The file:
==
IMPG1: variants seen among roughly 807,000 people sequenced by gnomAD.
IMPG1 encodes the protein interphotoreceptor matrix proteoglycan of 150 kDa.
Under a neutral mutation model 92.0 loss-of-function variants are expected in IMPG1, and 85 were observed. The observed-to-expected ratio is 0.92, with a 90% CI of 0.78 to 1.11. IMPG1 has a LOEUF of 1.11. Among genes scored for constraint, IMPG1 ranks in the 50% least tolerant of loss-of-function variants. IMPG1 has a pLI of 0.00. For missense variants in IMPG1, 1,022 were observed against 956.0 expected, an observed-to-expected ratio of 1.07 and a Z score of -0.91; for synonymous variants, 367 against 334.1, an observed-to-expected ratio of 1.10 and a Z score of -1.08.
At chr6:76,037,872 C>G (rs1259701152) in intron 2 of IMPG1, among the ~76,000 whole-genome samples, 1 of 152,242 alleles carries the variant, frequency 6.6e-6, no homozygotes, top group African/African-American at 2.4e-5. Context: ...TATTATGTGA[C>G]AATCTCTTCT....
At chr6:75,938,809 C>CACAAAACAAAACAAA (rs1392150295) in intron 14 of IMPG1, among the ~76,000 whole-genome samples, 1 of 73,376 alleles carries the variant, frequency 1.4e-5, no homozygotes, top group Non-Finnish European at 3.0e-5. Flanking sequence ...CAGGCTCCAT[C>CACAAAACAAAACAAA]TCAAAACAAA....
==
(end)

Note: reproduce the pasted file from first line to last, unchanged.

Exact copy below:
IMPG1: variants seen among roughly 807,000 people sequenced by gnomAD.
IMPG1 encodes the protein interphotoreceptor matrix proteoglycan of 150 kDa.
Under a neutral mutation model 92.0 loss-of-function variants are expected in IMPG1, and 85 were observed. The observed-to-expected ratio is 0.92, with a 90% CI of 0.78 to 1.11. IMPG1 has a LOEUF of 1.11. Among genes scored for constraint, IMPG1 ranks in the 50% least tolerant of loss-of-function variants. IMPG1 has a pLI of 0.00. For missense variants in IMPG1, 1,022 were observed against 956.0 expected, an observed-to-expected ratio of 1.07 and a Z score of -0.91; for synonymous variants, 367 against 334.1, an observed-to-expected ratio of 1.10 and a Z score of -1.08.
At chr6:76,037,872 C>G (rs1259701152) in intron 2 of IMPG1, among the ~76,000 whole-genome samples, 1 of 152,242 alleles carries the variant, frequency 6.6e-6, no homozygotes, top group African/African-American at 2.4e-5. Context: ...TATTATGTGA[C>G]AATCTCTTCT....
At chr6:75,938,809 C>CACAAAACAAAACAAA (rs1392150295) in intron 14 of IMPG1, among the ~76,000 whole-genome samples, 1 of 73,376 alleles carries the variant, frequency 1.4e-5, no homozygotes, top group Non-Finnish European at 3.0e-5. Flanking sequence ...CAGGCTCCAT[C>CACAAAACAAAACAAA]TCAAAACAAA....